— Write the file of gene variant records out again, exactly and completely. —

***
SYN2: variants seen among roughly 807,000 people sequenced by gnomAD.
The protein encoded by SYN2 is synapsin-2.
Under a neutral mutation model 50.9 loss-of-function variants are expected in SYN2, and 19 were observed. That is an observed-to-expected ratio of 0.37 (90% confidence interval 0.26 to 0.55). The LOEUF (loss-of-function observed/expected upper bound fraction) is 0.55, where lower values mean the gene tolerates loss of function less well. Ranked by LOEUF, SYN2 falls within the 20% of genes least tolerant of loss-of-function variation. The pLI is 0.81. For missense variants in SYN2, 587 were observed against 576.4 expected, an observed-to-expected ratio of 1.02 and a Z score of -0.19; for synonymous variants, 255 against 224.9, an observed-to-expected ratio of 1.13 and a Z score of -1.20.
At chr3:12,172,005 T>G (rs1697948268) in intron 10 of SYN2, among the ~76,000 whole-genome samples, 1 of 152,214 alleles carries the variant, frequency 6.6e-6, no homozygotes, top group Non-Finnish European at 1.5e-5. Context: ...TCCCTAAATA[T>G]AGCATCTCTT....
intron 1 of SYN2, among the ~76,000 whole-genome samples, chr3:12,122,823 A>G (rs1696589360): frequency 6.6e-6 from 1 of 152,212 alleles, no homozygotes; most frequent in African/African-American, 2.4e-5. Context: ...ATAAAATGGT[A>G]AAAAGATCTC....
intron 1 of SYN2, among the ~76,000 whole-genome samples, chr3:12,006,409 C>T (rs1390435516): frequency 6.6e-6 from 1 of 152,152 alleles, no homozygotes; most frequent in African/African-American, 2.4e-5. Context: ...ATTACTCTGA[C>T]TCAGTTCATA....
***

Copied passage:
SYN2: variants seen among roughly 807,000 people sequenced by gnomAD.
The protein encoded by SYN2 is synapsin-2.
Under a neutral mutation model 50.9 loss-of-function variants are expected in SYN2, and 19 were observed. That is an observed-to-expected ratio of 0.37 (90% confidence interval 0.26 to 0.55). The LOEUF (loss-of-function observed/expected upper bound fraction) is 0.55, where lower values mean the gene tolerates loss of function less well. Ranked by LOEUF, SYN2 falls within the 20% of genes least tolerant of loss-of-function variation. The pLI is 0.81. For missense variants in SYN2, 587 were observed against 576.4 expected, an observed-to-expected ratio of 1.02 and a Z score of -0.19; for synonymous variants, 255 against 224.9, an observed-to-expected ratio of 1.13 and a Z score of -1.20.
At chr3:12,172,005 T>G (rs1697948268) in intron 10 of SYN2, among the ~76,000 whole-genome samples, 1 of 152,214 alleles carries the variant, frequency 6.6e-6, no homozygotes, top group Non-Finnish European at 1.5e-5. Context: ...TCCCTAAATA[T>G]AGCATCTCTT....
intron 1 of SYN2, among the ~76,000 whole-genome samples, chr3:12,122,823 A>G (rs1696589360): frequency 6.6e-6 from 1 of 152,212 alleles, no homozygotes; most frequent in African/African-American, 2.4e-5. Context: ...ATAAAATGGT[A>G]AAAAGATCTC....
intron 1 of SYN2, among the ~76,000 whole-genome samples, chr3:12,006,409 C>T (rs1390435516): frequency 6.6e-6 from 1 of 152,152 alleles, no homozygotes; most frequent in African/African-American, 2.4e-5. Context: ...ATTACTCTGA[C>T]TCAGTTCATA....